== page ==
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Updated 11:29 AM EDT, Tue, Jun 16, 2020

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ISIS Aerial Drone Shot Down in Iraq by Handheld US Electronic Drone Killing Gun

Drone killer

(Photo : Battelle) Battelle’s DroneDefender is a shoulder-fired weapon that uses radio waves to cut the link between the drone and its controller.

The U.S. Air Force reported shooting down an ISIS aerial drone over Iraq probably using a shoulder-fired electronic drone killing gun. If confirmed, this event will be the first shoot down of its kind for the U.S. military in a combat zone.

Air Force Secretary Deborah Lee James said the Air Force brought down a small, weaponized unmanned aerial vehicle (UAV) operated by ISIL "a week or two ago." She said this drone was responsible for killing four Iraqis.

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"The Air Force over there in theater was informed there was one such unmanned aerial system in the vicinity and fairly quickly we were able to bring it down. We brought it down through electronic measures," said James.

"It's an example of something we have to attack quickly," said James.

James, however, didn't specify the type of drone shot down or the type of weapon used by the Air Force. But photos made public later by Iraqi media show a flying wing drone equipped with a small camera in its nose. The white painted drone showed no signs of being hit by bullets.

As for the weapon used by the Air Force, the likely suspect is the "Battelle DroneDefender," a shoulder-fired weapon that disables drones using radio waves and can detect unmanned aerial vehicles from several kilometers away when coupled with a man-portable, Israeli-made radar system.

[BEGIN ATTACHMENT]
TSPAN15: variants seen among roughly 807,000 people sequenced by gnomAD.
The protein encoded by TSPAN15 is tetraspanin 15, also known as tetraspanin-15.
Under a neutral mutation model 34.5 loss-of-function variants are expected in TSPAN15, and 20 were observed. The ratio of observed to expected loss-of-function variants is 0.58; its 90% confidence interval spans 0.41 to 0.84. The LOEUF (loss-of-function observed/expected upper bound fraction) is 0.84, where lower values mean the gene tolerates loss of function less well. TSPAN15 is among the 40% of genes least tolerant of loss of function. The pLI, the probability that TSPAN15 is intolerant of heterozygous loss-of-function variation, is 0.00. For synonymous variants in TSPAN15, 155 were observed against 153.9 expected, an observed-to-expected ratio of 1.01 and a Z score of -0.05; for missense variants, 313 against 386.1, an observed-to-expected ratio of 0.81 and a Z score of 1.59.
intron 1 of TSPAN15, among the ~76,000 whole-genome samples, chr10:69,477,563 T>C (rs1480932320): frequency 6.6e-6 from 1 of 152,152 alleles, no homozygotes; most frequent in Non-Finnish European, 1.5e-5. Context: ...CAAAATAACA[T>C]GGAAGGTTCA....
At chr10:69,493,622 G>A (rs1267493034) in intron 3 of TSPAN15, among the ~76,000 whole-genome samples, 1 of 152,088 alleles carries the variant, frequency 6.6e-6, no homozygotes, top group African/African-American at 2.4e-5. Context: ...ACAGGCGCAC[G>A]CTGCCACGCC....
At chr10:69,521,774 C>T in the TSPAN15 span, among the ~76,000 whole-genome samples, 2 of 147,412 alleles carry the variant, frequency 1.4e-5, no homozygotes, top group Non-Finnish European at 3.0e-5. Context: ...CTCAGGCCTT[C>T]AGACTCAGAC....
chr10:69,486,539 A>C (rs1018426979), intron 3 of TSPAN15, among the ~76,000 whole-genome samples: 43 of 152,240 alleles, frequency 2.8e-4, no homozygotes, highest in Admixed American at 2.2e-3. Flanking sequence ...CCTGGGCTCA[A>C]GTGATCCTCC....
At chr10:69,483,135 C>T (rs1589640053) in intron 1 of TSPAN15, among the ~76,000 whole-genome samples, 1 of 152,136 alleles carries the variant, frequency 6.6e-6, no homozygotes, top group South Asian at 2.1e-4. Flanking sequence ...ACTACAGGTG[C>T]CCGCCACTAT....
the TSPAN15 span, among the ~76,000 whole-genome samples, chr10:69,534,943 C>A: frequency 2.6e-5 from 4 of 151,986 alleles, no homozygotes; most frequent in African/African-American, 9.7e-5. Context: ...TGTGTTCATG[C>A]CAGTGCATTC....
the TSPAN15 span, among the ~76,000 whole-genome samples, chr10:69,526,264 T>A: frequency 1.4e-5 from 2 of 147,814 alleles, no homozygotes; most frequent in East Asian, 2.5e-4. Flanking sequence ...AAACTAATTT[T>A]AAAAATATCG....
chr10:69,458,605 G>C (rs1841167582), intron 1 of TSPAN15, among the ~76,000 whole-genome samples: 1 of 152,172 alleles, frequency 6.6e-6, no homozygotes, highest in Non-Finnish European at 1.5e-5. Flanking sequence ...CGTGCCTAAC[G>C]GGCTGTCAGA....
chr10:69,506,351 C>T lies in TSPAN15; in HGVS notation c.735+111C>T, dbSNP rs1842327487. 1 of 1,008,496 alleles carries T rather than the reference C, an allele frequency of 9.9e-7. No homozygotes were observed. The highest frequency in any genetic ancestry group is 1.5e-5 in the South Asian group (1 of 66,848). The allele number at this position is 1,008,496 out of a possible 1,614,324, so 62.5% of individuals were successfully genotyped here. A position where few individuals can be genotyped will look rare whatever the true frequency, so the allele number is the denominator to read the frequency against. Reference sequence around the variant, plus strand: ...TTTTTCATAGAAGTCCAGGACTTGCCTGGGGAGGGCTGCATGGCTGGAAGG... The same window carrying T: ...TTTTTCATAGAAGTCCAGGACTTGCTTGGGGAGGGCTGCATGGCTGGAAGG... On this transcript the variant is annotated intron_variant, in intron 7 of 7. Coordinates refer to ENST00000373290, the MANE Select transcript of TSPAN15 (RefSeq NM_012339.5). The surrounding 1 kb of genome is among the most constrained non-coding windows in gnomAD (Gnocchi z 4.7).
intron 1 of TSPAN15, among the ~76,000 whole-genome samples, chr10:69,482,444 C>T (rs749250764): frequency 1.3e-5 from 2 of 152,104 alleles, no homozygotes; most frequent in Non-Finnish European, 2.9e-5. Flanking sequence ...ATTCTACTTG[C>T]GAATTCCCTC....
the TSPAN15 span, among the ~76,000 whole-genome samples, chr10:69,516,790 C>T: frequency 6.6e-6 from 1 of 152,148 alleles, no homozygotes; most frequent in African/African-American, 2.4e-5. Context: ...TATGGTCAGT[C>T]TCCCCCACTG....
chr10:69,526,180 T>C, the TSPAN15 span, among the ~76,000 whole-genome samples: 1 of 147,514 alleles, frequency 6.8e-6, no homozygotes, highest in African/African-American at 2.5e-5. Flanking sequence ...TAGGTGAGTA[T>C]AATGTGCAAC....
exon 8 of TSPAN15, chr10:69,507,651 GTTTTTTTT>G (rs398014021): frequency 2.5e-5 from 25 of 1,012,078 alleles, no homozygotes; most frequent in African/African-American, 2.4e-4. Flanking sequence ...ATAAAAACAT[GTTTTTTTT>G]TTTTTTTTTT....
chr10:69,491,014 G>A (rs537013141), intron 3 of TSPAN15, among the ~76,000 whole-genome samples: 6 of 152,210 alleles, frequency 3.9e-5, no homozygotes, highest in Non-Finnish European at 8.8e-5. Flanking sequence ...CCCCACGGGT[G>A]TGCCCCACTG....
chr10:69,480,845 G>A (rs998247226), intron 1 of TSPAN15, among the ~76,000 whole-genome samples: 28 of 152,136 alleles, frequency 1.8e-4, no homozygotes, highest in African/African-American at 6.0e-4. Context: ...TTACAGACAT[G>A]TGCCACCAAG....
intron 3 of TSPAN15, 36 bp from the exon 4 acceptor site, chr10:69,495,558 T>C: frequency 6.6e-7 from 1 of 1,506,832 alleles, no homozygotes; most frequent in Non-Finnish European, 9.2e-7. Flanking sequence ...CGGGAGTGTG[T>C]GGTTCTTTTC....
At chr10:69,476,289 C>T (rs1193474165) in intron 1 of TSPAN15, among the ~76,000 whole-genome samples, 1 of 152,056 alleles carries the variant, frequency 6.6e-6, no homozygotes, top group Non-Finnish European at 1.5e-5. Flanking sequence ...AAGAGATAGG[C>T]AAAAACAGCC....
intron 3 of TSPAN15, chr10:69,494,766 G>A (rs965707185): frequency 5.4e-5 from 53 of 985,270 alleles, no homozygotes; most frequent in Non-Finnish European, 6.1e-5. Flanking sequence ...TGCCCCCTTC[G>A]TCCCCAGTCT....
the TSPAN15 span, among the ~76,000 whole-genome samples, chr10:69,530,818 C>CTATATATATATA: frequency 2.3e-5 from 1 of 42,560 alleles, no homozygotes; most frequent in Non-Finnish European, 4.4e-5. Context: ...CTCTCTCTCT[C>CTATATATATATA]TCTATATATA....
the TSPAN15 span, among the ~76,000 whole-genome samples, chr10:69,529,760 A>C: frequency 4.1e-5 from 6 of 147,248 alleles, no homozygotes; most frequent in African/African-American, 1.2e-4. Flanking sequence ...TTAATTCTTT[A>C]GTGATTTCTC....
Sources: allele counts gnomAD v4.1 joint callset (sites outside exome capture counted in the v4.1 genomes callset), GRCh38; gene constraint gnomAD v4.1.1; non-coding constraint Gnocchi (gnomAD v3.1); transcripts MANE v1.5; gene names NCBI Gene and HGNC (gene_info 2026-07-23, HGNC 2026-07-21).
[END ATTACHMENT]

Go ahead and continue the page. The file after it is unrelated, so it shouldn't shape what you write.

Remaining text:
The U.S. Department of Defense bought 100 DroneDefenders a few months ago and a number of them have made their way to the Middle East where ISIL is using aerial drones to reconnoiter and attack coalition troops. A weaponized ISIL drone was recently reported to have killed two Peshmerga fighters.

Battelle's DroneDefender uses radio waves to sever the link between the drone and its controller. It proved "very effective" in tests at the Army's Yuma Proving Ground in Arizona last September.

DroneDefender comes with a companion radar system that detects and tracks the small and hard to detect drones. The radar system consists of two,18 kg components and can be carried in two rucksacks.

When assembled, the radar provides 360 degree coverage, detecting drones from several kilometers away. DroneDefender is then brought into play.

Russia's use of aerial drones to conquer eastern Ukraine also illustrated the effectiveness of drones in both attack and defense.

"I know there's a lot of work being done on non-kinetic means and I am confident that we are going to have some other systems coming down the road ... but I need something now," said Lt. Gen. Ben Hodges, Commanding General US Army Europe.

"We didn't worry about (short-range air defense) over the last several years because there was not a threat," he said. "Now you look at the UAVs, I need a counter-UAV capability."

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